Personal tools
You are here: Home / COSMOS / Introduction



Back to Table of Contents



COSMOS is a set of programs for the reduction of multislit, spectra obtained with the IMACS and LDSS3 spectrographs on the Magellan Telescopes. It can be used for the quick-look analysis of data at the telescope as well as for pipeline reduction of large data sets. COSMOS is based on a precise optical model of the spectrographs, which allows (after alignment and calibration) an accurate prediction of the location of spectra features. This eliminates the line search procedure which is fundamental to many spectral reduction programs, and allows a robust data pipeline to be run in an almost fully automatic mode, so that large amounts of data can be reduced with minimal intervention. The COSMOS reduction process consists of three steps:

  1. Alignment of the slitmask relative to the CCD focal plane. After proper alignment, the COSMOS optical model can predict the location of slit position/wavelength points on the CCD images to an accuracy of 1 to 2 pixels. If the optical models were perfect, the accuracy of these predictions would be even better. Since they are not, they must be improved by the following step.
  2. Production of an accurate spectral map, during which the optical model predictions are corrected using one or more comparison arcs. This step reduces the errors in predicted positions to a small fraction of a pixel. The map created in this step forms the basis of all following data reduction steps.
  3. Spectral reduction.

Each of these steps consists of several procedures, which are summarized below.

Input Data

The COSMOS reduction process requires the following input data:

  1. A mask definition file which describes the slitmask used. This file was produced by the program maskgen which was used to produce the mask, and will have the name maskname.SMF
  2. A dewar offset file, which describes the positional zero-point of a particular slitmask + instrumental configuration. Default dewar offset files exist for each of the principle configurations and can be used as starting points for the alignment process
  3. An observation definition file which defines the observational setup, including instrument, slitmask (i.e. SMF file), camera, disperser element (and tilt, if a grating), and dewar offset file. These files are created by the program defineobs.
  4. Input data frames, including bias, flat field, comparison arc, and object spectra.


LDSS3 data needs to be stitched together before the alignment. The program stitch will combine the LDSS3 CCD files into one FITS file and makes bias and gain corrections for all the chips.


Although the spectral mapping routines described below are able to correct errors in the COSMOS optical model, they need a reasonably accurate starting point. The processes of mounting masks, inserting them into the focal plane, moving disperser elements in and out, etc inevitably produce some errors in the predicted positions of slit images. The program align-mask uses either a direct or dispersed mask image to correct for errors in x and y position, position angle, and scale of the mask image, by adjusting the values of these parameters in the dewar offset file. Corrections to the dewar offset file can also be made manually using the program adjust-offset.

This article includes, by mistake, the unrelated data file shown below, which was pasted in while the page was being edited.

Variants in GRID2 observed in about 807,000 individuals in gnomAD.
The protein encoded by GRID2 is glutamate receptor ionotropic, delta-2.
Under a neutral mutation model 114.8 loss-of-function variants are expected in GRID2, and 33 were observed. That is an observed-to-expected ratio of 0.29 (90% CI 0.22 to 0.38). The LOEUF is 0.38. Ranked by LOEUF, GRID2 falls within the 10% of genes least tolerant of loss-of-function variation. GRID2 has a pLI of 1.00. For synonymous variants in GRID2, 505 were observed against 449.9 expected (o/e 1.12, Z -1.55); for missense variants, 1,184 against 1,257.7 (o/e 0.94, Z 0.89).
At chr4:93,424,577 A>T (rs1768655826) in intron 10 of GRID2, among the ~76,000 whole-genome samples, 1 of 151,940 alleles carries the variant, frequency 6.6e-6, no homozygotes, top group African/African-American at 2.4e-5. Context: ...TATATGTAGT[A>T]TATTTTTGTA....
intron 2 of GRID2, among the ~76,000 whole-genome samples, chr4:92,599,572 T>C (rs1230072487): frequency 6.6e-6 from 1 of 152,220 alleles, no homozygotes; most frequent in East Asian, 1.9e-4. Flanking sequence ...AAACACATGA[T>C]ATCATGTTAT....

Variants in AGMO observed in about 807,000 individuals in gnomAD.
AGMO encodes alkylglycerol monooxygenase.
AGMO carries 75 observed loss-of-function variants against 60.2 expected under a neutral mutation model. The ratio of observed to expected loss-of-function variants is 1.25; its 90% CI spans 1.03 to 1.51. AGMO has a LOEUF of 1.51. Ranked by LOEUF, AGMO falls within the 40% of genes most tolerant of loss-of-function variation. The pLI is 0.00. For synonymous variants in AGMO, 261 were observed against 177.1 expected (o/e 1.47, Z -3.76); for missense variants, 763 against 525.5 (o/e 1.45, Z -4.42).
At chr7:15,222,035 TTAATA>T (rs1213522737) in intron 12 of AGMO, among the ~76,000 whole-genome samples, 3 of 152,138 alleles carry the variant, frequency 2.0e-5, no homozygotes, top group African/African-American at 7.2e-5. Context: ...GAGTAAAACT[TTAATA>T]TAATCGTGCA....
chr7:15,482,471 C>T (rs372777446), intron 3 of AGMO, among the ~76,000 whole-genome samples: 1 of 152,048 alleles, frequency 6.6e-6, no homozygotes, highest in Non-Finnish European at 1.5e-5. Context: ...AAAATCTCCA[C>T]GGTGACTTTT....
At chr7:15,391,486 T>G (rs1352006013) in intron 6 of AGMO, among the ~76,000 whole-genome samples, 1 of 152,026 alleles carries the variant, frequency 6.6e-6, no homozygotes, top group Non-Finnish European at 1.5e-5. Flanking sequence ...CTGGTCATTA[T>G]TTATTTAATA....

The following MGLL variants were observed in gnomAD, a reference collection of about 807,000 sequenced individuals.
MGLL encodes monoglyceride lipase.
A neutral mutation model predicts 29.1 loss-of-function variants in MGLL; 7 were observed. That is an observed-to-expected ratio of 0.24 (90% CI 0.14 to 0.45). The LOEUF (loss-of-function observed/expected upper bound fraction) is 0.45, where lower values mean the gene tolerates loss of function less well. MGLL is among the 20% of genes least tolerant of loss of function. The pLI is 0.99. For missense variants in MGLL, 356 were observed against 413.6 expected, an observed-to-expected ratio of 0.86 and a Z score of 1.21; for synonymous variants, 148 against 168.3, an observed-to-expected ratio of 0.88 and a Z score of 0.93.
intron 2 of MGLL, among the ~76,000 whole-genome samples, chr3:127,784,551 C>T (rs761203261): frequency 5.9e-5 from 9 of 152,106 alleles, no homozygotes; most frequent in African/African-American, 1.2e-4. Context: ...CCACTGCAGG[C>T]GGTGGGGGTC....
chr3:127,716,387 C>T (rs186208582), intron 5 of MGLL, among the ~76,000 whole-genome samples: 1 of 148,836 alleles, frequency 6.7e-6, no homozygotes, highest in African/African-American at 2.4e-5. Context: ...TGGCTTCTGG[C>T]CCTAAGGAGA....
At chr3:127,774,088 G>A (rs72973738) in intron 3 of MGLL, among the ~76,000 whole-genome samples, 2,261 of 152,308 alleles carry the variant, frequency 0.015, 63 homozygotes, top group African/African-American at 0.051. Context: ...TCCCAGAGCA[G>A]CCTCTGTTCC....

Spectral mapping

The process of generating and calibrating a spectral map serves two purposes:

  1. It creates a polynomial representation of the mapping from the science coordinate system of slit position and wavelength to the observing coordinate system of CCD coordinates, using the program map-spectra. This polynomial representation allows the data analysis to proceed without the computational machinery involved in the optical model.
  2. It uses one or more comparison arcs to calibrate the spectral map to high precision, using the program adjust-map.

Spectral reduction

Once an accurate spectral map has been produced, reduction of science exposures proceeds in the following steps:

  1. Subtraction of bias, and division by flats, using the programs Sflats and biasflat.
  2. Subtraction of sky, using the program subsky.
  3. Extraction of individual 1 or 2 dimensional spectral exposures using extract, or extract-2dspec. Multiple sets of extracted spectra can be combined, with optional cosmic ray removal, using sumspec

Reduction Pipeline

Execution of the spectral mapping and spectral reduction steps described above can be pipelined together for a set of spectral exposures from a single night using the script-generator process-2spec.

Display and visualization

A number of programs help to display the data and compare them with the predictions of the optical model and spectral map. They include:

  • stitch combines the (2 or 4) LDSS3 CCD files into one FITS file, for processing and for easier viewing.
  • mosaic combines the multiple IMACS CCD files into one FITS file for easier viewing.
  • display8 is an IRAF routine to display the multiple CCD files of an IMACS exposure together as one mosaic
The following routines calculate the predicted location of images in data frames. When used together with one of the above display routines, and the IRAF routine tvmark, they allow one to compare true and predicted location of features.
  • apertures uses the optical model and current alignment to predict the positions of all apertures in the direct image of a slitmask.
  • spectral-lines uses the optical model and current alignment to predict the positions of spectral features in a dispersed image of a slitmask.
  • spectral-map uses a spectral map to to predict the positions of spectral features in a dispersed image of a slitmask.
  • Bugs persist. Please report problems to cosmos[at] We will respond to all emails, but please first ensure that you have read the documentation carefully and are using the software correctly.

Next: Data Files

Back to Table of Contents